2013 NCAA Convention

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Publish date: Jan 17, 2013

Safety package enters Division I pipeline

By Michelle Hosick

A series of recommendations aimed at providing additional support for the health and safety of student-athletes will be considered through the regular legislative process in Division I, the Legislative Council decided Wednesday.

The action means that the first votes on the legislative package, proposed by the Committee on Competitive Safeguards and Medical Aspects of Sports, will be taken in January 2014. Despite the Board’s decision not to consider new legislation in the 2013-14 cycle, the package originated with an Association-wide committee and affects all three divisions, so it can be considered through the regular process. 

The package would require designated team physicians, coach sport safety training, certification for strength coaches and catastrophic-injury reporting. The package is intended to provide a foundation for appropriate healthcare oversight and critical prevention and response to catastrophic health and safety issues and sudden death related to athletics participation. 

While the Council had the option to consider the proposals as emergency legislation, the group decided that was not the best course of action at this time. Members supported the underlying concepts in the package but had concerns about the details, including effective dates, inclusion of volunteer and part-time coaches and the need to develop clear and transparent certification processes for strength and conditioning coaches.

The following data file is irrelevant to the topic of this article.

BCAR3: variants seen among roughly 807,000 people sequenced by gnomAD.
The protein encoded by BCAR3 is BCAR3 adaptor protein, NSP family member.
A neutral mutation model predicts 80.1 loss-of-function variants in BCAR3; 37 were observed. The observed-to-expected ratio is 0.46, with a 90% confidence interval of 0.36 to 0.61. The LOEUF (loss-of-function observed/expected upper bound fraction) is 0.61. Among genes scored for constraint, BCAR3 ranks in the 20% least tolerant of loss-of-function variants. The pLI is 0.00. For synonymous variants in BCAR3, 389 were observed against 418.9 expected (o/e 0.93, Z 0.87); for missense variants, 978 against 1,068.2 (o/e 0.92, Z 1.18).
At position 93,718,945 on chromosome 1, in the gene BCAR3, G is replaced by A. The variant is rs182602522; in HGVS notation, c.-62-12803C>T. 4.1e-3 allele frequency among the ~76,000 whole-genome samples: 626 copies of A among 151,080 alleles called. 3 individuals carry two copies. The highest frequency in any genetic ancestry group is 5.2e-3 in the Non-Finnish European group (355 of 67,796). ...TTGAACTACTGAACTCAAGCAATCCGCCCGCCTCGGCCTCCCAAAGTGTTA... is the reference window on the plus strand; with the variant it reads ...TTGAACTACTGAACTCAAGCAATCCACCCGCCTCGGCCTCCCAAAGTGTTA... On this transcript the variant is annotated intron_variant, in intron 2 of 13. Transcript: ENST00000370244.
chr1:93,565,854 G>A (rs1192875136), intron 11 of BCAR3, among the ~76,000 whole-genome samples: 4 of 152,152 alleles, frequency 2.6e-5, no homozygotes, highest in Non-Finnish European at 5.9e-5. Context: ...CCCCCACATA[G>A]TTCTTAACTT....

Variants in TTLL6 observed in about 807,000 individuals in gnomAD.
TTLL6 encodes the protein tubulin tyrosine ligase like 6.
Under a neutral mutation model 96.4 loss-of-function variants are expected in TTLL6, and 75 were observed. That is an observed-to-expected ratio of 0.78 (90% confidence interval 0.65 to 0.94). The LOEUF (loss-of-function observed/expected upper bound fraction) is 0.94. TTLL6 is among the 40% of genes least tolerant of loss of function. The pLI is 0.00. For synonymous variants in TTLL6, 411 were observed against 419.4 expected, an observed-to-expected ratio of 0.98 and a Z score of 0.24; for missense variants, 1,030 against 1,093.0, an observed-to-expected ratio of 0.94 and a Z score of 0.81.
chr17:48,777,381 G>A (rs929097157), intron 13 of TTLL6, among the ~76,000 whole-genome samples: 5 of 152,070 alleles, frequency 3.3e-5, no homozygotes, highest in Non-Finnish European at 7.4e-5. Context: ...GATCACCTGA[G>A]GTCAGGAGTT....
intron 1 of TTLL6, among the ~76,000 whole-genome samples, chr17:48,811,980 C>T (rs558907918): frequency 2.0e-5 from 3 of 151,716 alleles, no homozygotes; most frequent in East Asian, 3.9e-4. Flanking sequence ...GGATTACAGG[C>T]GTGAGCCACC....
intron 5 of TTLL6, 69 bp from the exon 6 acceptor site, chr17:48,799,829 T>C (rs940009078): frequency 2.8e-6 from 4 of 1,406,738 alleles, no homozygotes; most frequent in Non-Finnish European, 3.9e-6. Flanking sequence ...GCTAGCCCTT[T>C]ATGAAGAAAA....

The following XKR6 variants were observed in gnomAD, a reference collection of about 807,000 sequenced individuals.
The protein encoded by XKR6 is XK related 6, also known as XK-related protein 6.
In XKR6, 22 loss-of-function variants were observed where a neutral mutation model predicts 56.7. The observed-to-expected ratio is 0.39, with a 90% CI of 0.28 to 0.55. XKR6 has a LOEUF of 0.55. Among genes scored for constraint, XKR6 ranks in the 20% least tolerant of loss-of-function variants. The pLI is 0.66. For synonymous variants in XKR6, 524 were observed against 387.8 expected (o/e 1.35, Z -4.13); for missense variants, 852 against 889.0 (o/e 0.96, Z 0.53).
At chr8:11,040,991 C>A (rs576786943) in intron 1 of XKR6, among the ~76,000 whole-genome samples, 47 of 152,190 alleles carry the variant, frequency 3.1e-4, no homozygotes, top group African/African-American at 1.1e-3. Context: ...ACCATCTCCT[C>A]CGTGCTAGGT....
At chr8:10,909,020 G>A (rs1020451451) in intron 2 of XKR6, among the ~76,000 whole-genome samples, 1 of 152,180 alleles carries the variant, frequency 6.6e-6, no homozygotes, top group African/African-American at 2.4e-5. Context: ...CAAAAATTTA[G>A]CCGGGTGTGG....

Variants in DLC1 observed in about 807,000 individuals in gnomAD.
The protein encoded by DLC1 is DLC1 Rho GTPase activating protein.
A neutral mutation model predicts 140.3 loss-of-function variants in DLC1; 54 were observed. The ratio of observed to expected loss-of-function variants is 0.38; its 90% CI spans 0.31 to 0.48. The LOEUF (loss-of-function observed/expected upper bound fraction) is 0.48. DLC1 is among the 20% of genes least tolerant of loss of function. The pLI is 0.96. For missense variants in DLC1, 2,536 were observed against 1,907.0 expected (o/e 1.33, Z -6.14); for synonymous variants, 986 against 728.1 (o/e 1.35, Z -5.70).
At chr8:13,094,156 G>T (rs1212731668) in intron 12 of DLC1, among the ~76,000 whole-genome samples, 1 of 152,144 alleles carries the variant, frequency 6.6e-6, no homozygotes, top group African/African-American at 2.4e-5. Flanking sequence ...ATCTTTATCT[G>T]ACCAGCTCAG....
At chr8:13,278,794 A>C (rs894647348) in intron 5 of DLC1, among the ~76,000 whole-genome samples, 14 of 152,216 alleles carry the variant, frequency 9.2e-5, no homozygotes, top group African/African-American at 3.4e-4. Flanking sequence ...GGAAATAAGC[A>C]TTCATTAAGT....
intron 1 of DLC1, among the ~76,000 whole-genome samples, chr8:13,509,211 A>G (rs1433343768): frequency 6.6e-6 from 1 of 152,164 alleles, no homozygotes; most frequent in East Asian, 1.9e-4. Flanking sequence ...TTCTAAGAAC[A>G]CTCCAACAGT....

Some believed that because many institutions already are meeting several of the requirements, best-practices guidance may be more appropriate than national regulation of the issue. 

Many of the proposals will ultimately be considered by all three divisions, likely in 

January 2014. In Division I, the package was sponsored by the Championships/Sports Management Cabinet.

“We want to get it right,” said Legislative Council chair Greg Sankey. “We clearly support legislation that promotes student-athlete health, safety and well-being, but we want to make sure all issues have been appropriately addressed before implementation.”

The proposals would:

• Require at least three continuous hours of recovery time for student-athletes between any sessions (including practices and walk-throughs) occurring during the preseason practice period and after the five-day acclimatization period.

• Require schools to designate a licensed physician to serve as team physician for each of its teams.

• Require head coaches and all full-time coaches (including strength and conditioning coaches) to be certified in first aid, CPR and automatic external defibrillator use.

• Require strength and conditioning coaches (both full-time and part-time employees) to maintain certification through a nationally recognized certification program. Institutions will have the discretion to choose which certification program to use.

• Require schools to submit student-athlete catastrophic death and injury data to the NCAA annually through an online portal.

All three divisions will discuss the measures over the next year, though some of the concepts in the package are already rules in either Division II or III or both. The competitive-safeguards committee acknowledged that the divisions may end up in different places on some of the proposals, but members believed that the package addressed many realities on campuses in all divisions.

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